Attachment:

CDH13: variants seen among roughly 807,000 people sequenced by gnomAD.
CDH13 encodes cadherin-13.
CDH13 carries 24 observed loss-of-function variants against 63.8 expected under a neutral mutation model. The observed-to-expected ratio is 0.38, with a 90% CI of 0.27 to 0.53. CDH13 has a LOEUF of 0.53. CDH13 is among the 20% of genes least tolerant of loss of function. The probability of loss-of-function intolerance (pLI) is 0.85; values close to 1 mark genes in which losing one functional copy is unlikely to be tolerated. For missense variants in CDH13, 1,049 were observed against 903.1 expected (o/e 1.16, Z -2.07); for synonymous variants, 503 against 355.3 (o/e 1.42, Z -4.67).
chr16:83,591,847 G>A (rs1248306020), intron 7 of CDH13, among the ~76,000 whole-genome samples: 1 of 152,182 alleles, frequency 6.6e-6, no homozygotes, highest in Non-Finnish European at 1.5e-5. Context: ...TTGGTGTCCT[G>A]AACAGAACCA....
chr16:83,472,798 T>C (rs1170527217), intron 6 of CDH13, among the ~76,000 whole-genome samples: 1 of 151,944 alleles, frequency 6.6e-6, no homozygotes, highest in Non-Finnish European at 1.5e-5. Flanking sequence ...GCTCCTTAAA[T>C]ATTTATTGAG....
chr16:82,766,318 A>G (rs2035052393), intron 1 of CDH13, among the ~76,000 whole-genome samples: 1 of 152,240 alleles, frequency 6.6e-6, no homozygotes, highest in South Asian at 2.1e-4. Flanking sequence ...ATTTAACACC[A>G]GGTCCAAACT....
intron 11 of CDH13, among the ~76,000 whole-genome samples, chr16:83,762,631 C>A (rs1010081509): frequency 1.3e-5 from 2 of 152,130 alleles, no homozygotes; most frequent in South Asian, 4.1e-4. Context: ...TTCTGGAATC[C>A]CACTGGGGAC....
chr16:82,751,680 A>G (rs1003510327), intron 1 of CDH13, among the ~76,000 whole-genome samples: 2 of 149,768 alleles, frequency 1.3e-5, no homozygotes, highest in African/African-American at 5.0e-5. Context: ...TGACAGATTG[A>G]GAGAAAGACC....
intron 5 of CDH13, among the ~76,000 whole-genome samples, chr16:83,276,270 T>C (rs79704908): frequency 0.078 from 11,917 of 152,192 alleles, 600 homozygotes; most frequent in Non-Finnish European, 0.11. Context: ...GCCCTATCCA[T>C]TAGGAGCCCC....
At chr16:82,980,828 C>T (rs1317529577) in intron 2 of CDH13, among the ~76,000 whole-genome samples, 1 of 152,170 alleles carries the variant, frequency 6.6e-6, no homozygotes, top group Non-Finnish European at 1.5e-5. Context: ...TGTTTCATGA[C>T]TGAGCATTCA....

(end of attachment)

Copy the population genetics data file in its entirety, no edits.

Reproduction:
CDH13: variants seen among roughly 807,000 people sequenced by gnomAD.
CDH13 encodes cadherin-13.
CDH13 carries 24 observed loss-of-function variants against 63.8 expected under a neutral mutation model. The observed-to-expected ratio is 0.38, with a 90% CI of 0.27 to 0.53. CDH13 has a LOEUF of 0.53. CDH13 is among the 20% of genes least tolerant of loss of function. The probability of loss-of-function intolerance (pLI) is 0.85; values close to 1 mark genes in which losing one functional copy is unlikely to be tolerated. For missense variants in CDH13, 1,049 were observed against 903.1 expected (o/e 1.16, Z -2.07); for synonymous variants, 503 against 355.3 (o/e 1.42, Z -4.67).
chr16:83,591,847 G>A (rs1248306020), intron 7 of CDH13, among the ~76,000 whole-genome samples: 1 of 152,182 alleles, frequency 6.6e-6, no homozygotes, highest in Non-Finnish European at 1.5e-5. Context: ...TTGGTGTCCT[G>A]AACAGAACCA....
chr16:83,472,798 T>C (rs1170527217), intron 6 of CDH13, among the ~76,000 whole-genome samples: 1 of 151,944 alleles, frequency 6.6e-6, no homozygotes, highest in Non-Finnish European at 1.5e-5. Flanking sequence ...GCTCCTTAAA[T>C]ATTTATTGAG....
chr16:82,766,318 A>G (rs2035052393), intron 1 of CDH13, among the ~76,000 whole-genome samples: 1 of 152,240 alleles, frequency 6.6e-6, no homozygotes, highest in South Asian at 2.1e-4. Flanking sequence ...ATTTAACACC[A>G]GGTCCAAACT....
intron 11 of CDH13, among the ~76,000 whole-genome samples, chr16:83,762,631 C>A (rs1010081509): frequency 1.3e-5 from 2 of 152,130 alleles, no homozygotes; most frequent in South Asian, 4.1e-4. Context: ...TTCTGGAATC[C>A]CACTGGGGAC....
chr16:82,751,680 A>G (rs1003510327), intron 1 of CDH13, among the ~76,000 whole-genome samples: 2 of 149,768 alleles, frequency 1.3e-5, no homozygotes, highest in African/African-American at 5.0e-5. Context: ...TGACAGATTG[A>G]GAGAAAGACC....
intron 5 of CDH13, among the ~76,000 whole-genome samples, chr16:83,276,270 T>C (rs79704908): frequency 0.078 from 11,917 of 152,192 alleles, 600 homozygotes; most frequent in Non-Finnish European, 0.11. Context: ...GCCCTATCCA[T>C]TAGGAGCCCC....
At chr16:82,980,828 C>T (rs1317529577) in intron 2 of CDH13, among the ~76,000 whole-genome samples, 1 of 152,170 alleles carries the variant, frequency 6.6e-6, no homozygotes, top group Non-Finnish European at 1.5e-5. Context: ...TGTTTCATGA[C>T]TGAGCATTCA....